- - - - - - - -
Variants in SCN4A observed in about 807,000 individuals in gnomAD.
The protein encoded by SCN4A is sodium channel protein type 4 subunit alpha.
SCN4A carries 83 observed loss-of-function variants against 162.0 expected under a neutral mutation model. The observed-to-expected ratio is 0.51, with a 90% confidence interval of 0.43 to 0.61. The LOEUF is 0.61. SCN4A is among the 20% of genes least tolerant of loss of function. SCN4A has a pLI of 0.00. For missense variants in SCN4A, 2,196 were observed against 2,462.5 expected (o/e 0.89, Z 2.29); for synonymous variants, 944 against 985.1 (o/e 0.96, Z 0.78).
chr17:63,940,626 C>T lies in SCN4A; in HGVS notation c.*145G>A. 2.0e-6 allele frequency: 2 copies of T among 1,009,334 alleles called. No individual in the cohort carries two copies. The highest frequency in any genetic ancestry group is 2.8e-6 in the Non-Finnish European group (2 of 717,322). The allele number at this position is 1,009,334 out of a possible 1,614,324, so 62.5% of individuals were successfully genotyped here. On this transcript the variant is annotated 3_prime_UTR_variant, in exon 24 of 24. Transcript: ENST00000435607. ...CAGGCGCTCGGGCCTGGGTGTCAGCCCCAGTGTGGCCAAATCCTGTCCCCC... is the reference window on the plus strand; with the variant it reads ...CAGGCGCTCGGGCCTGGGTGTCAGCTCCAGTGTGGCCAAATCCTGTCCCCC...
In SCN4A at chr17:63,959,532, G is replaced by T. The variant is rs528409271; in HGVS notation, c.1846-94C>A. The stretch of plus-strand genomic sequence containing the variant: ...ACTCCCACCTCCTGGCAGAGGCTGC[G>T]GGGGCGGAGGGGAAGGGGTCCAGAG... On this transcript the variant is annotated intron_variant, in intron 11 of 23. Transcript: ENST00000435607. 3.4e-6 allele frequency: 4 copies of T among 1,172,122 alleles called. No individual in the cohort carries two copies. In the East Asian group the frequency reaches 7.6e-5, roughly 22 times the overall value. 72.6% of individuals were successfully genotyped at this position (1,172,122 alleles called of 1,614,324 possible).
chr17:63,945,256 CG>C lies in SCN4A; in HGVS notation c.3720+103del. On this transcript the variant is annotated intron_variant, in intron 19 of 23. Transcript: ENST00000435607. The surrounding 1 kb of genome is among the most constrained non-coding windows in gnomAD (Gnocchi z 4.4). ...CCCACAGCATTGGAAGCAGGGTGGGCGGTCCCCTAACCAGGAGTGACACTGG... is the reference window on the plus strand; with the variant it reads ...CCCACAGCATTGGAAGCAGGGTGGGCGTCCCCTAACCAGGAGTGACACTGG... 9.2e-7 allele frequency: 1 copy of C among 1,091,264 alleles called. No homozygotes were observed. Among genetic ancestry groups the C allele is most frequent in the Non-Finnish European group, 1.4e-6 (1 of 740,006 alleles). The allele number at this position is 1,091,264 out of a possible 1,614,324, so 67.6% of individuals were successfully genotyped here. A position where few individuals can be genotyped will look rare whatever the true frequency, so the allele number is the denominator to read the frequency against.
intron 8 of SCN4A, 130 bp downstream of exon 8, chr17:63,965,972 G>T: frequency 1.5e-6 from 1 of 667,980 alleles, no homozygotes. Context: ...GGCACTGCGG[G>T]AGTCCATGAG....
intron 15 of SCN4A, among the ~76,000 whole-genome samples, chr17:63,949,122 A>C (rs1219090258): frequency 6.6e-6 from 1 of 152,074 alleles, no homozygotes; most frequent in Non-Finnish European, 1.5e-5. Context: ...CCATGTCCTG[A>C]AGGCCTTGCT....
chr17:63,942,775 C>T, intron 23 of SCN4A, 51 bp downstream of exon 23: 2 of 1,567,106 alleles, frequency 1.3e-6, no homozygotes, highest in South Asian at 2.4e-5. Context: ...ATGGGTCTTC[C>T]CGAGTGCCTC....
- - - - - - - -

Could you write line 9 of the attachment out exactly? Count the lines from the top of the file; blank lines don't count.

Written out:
chr17:63,942,775 C>T, intron 23 of SCN4A, 51 bp downstream of exon 23: 2 of 1,567,106 alleles, frequency 1.3e-6, no homozygotes, highest in South Asian at 2.4e-5. Context: ...ATGGGTCTTC[C>T]CGAGTGCCTC....